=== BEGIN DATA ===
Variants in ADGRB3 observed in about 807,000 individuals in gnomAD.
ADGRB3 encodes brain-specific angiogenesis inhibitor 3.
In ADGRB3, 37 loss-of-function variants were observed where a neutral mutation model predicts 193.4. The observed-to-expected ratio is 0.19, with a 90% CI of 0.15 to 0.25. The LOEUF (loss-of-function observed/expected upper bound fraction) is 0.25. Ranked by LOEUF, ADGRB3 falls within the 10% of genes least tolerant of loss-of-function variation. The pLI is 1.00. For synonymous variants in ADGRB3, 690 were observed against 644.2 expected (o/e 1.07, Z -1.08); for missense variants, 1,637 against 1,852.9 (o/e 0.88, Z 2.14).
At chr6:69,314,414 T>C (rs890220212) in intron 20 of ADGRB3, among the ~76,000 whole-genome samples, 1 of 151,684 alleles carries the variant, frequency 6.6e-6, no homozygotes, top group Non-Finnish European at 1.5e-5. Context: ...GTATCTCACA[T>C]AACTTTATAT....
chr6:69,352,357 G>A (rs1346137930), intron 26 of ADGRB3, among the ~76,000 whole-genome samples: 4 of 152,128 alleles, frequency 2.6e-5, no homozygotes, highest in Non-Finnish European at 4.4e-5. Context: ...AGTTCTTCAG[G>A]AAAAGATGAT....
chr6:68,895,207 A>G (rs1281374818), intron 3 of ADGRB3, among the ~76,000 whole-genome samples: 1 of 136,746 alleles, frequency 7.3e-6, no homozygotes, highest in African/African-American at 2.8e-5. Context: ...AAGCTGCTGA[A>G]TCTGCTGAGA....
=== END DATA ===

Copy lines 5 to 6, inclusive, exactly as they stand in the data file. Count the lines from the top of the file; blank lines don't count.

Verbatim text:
chr6:69,352,357 G>A (rs1346137930), intron 26 of ADGRB3, among the ~76,000 whole-genome samples: 4 of 152,128 alleles, frequency 2.6e-5, no homozygotes, highest in Non-Finnish European at 4.4e-5. Context: ...AGTTCTTCAG[G>A]AAAAGATGAT....
chr6:68,895,207 A>G (rs1281374818), intron 3 of ADGRB3, among the ~76,000 whole-genome samples: 1 of 136,746 alleles, frequency 7.3e-6, no homozygotes, highest in African/African-American at 2.8e-5. Context: ...AAGCTGCTGA[A>G]TCTGCTGAGA....